The limited liability company (LLC) is not only a widespread business form for non-listed firms but also is used by listed companies. There were twenty publicly traded US LLCs in September 2013—all formed in Delaware. Two more Delaware LLCs have joined their ranks since then (the number of IPOs by limited partnerships, another “uncorporate” business form, is greater—26 Delaware LPs went public during the last two years). Since Delaware rules on LLCs, with very few exceptions, are cast as defaults, the LLC operating agreement is the primary source of governance. This is in stark contrast to listed corporations that have to comply with mandatory governance structures imposed by the law. The question is whether the controlling insiders of publicly traded LLCs contract around the statutory default rules to create governance structures that entrench their control, limit their accountability, or are oppressive towards outside investors in any other way? To the extent that LLCs are subject to less prescriptive regulation, do they “distort” long-established corporate governance practices and investor protection mechanisms common for corporations?
In a recent article published in the Delaware Journal of Corporate Law and available here, I show that governance in listed LLCs differs from the traditional governance structure of corporations. Particularly, the founding members of the twenty listed LLCs often had effective control over the boards and faced fewer formalities during decision-making. I suggest, however, that this distortion does not swing the pendulum of investor protection strongly in the direction of insiders. As an alternative to the default instruments of investor protection, LLC agreements include provisions that balance the rights of different constituencies. Nevertheless, these provisions are not always identical in terms of the strength of the offered protection. Hence, other factors—such as the ownership structure of these firms, dividend policies, board composition and board practices, market forces, and the standardization of the governance structures—fill the gaps as substitutes for legal rights. Publicly traded LLCs combine different contractual rights and non-legal factors to make their IPOs attractive for investors.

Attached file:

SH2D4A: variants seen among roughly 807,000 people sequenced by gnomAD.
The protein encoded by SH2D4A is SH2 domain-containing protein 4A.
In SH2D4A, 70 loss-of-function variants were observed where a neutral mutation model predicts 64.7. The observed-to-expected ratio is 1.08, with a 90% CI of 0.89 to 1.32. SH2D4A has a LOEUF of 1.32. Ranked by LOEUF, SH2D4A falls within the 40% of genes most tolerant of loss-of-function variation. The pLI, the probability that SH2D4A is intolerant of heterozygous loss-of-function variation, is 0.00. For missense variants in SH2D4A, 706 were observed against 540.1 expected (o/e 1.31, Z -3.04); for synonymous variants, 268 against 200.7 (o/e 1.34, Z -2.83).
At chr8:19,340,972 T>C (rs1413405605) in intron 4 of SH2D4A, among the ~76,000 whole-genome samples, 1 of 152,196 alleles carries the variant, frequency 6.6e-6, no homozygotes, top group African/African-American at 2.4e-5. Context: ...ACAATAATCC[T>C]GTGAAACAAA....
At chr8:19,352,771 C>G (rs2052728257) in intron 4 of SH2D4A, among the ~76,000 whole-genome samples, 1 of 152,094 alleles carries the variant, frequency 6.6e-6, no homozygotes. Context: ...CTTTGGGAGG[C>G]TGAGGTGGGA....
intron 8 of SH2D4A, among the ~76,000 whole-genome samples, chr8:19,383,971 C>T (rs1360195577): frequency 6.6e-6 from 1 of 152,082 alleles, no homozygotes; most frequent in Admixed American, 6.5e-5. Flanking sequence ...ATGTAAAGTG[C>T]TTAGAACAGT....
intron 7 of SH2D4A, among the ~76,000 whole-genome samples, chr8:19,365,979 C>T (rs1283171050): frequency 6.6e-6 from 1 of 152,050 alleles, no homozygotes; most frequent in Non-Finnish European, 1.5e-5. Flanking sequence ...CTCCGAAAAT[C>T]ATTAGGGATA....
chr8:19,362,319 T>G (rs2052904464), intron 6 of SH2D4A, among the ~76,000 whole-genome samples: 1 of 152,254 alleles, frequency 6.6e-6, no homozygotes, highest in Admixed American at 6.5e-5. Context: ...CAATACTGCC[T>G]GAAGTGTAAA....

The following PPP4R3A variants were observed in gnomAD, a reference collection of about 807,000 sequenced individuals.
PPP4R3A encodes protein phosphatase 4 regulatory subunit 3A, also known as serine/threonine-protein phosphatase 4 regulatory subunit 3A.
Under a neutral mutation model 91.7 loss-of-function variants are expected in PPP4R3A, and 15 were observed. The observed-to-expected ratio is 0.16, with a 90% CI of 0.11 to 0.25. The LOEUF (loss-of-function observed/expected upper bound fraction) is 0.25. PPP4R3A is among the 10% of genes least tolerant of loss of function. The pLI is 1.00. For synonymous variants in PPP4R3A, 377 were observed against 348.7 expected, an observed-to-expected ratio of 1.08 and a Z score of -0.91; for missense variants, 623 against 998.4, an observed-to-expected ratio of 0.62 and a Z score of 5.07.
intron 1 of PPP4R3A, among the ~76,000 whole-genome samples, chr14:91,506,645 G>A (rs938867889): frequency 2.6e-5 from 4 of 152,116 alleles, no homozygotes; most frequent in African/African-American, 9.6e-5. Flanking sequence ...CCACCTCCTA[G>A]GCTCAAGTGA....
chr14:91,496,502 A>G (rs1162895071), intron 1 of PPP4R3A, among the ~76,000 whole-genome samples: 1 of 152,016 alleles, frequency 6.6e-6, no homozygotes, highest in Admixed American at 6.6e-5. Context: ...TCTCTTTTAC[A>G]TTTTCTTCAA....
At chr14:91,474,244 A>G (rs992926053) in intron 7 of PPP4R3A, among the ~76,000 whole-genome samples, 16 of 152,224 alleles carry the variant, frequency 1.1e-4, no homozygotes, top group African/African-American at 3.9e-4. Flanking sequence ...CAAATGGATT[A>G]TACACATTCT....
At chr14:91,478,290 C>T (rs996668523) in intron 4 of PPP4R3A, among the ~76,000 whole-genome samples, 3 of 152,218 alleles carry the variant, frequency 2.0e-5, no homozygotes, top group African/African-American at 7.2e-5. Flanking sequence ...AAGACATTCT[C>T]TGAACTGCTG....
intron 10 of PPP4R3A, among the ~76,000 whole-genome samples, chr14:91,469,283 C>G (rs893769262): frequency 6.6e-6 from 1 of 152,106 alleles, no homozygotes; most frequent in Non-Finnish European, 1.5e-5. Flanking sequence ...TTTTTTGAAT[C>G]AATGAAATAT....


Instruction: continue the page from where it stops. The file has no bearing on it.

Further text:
Governance practices in publicly traded LLCs, due to common restrictions and waivers of statutory rules, differ from the traditional governance models of listed corporations. Board entrenchment and control-enhancing mechanisms are common. LLC members, unlike corporate stockholders, are free to contract around fiduciary duties of members and managers and they do so. The frequent purpose of restricting fiduciary duties or limiting liability for the breach of these duties is nonetheless to create contractual equivalents of two rules applicable to corporations:
- the business judgment rule—by excluding liability for the breach of the duty of care as long as managers do not act in a manner that is grossly negligent, and
- the statutory safe harbor provisions for reviewing interested transactions with fiduciaries—by defining standards to be met or special procedures to be followed in order to exclude fiduciary liability or shift the burden to prove unfairness to the plaintiffs.